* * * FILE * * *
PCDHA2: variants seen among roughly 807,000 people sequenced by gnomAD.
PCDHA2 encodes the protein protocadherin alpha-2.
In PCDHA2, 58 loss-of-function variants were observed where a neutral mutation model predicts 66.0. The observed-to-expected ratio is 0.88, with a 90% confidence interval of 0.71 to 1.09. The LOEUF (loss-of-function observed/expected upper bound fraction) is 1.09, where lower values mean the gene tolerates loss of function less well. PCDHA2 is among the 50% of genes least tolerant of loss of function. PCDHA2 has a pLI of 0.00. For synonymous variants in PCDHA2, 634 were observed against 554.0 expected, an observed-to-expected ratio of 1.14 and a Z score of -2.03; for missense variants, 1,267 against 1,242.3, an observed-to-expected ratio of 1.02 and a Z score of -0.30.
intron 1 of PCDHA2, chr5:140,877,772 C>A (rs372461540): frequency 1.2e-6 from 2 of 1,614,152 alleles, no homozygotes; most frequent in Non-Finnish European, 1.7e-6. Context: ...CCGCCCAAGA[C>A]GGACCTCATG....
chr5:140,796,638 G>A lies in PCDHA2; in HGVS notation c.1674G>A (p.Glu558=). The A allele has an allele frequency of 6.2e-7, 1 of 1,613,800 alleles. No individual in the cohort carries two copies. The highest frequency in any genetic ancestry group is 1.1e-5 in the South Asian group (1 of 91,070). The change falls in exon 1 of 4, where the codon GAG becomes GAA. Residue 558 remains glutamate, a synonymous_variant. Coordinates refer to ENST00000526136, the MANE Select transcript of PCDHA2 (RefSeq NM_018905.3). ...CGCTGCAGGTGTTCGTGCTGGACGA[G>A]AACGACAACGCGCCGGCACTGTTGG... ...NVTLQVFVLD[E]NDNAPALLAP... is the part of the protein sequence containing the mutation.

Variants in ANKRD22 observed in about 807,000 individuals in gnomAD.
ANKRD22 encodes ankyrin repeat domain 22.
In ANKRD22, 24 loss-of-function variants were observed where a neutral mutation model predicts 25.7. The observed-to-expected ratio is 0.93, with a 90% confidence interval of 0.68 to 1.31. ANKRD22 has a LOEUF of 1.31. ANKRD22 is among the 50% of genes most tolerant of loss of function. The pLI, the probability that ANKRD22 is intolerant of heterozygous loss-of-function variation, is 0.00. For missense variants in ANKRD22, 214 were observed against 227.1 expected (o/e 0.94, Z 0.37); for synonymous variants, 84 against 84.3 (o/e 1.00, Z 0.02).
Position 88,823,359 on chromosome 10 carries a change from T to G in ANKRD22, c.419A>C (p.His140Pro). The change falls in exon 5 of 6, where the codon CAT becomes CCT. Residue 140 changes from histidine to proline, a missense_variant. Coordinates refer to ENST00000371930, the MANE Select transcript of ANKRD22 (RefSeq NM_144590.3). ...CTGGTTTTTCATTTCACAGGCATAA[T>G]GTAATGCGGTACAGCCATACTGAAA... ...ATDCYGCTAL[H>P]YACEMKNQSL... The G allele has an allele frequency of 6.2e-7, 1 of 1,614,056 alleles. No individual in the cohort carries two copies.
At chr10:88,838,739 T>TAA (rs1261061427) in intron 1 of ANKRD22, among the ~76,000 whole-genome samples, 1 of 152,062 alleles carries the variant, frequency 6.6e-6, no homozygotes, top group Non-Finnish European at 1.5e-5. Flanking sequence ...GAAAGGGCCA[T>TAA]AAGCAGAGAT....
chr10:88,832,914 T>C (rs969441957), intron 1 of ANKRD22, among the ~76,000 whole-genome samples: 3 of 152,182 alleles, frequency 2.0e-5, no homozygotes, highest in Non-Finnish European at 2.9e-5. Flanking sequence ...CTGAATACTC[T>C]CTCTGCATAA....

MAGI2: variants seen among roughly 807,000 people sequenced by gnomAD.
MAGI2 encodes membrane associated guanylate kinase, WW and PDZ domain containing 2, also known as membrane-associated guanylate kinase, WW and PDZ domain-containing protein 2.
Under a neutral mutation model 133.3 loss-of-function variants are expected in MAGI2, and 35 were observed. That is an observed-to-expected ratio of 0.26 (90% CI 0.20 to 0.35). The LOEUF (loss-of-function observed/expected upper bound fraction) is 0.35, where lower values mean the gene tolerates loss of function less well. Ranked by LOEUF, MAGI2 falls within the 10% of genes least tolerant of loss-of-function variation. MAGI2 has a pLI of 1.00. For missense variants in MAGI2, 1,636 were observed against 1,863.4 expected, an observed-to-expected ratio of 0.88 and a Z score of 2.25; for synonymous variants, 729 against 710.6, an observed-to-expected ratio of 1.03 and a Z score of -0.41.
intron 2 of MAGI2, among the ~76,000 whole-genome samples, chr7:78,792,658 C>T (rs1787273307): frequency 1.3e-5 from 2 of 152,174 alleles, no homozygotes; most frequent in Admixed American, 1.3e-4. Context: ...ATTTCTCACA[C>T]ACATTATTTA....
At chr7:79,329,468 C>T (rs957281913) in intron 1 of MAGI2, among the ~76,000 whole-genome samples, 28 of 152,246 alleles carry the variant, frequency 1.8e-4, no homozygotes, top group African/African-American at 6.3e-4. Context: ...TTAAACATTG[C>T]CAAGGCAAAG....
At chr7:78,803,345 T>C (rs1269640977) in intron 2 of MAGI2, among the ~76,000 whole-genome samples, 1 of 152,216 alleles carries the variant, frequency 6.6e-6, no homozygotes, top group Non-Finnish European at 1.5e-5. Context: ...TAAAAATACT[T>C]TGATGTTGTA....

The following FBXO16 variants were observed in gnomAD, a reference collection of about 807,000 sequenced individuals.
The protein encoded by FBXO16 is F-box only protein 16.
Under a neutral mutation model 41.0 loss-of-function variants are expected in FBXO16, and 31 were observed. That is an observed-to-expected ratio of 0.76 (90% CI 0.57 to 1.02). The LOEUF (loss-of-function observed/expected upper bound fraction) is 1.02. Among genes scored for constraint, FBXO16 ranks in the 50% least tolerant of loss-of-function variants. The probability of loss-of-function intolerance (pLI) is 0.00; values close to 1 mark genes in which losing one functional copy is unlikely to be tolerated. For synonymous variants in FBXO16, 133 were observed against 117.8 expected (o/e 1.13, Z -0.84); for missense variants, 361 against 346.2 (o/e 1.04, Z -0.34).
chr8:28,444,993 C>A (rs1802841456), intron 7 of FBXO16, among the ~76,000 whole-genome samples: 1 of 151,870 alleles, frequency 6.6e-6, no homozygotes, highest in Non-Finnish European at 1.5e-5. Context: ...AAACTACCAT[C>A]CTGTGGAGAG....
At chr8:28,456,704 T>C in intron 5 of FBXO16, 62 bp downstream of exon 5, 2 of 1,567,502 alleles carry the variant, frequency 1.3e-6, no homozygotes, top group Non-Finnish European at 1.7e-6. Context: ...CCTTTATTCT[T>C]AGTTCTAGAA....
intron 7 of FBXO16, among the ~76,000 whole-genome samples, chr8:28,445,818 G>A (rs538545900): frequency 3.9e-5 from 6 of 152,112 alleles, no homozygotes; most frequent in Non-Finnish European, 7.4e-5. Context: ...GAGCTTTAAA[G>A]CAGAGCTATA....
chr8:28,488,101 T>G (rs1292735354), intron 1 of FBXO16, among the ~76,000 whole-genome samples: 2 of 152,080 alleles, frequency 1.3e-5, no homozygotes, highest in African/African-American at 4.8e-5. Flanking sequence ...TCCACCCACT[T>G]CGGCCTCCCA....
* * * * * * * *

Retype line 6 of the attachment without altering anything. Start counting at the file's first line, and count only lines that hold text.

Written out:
Variants in ANKRD22 observed in about 807,000 individuals in gnomAD.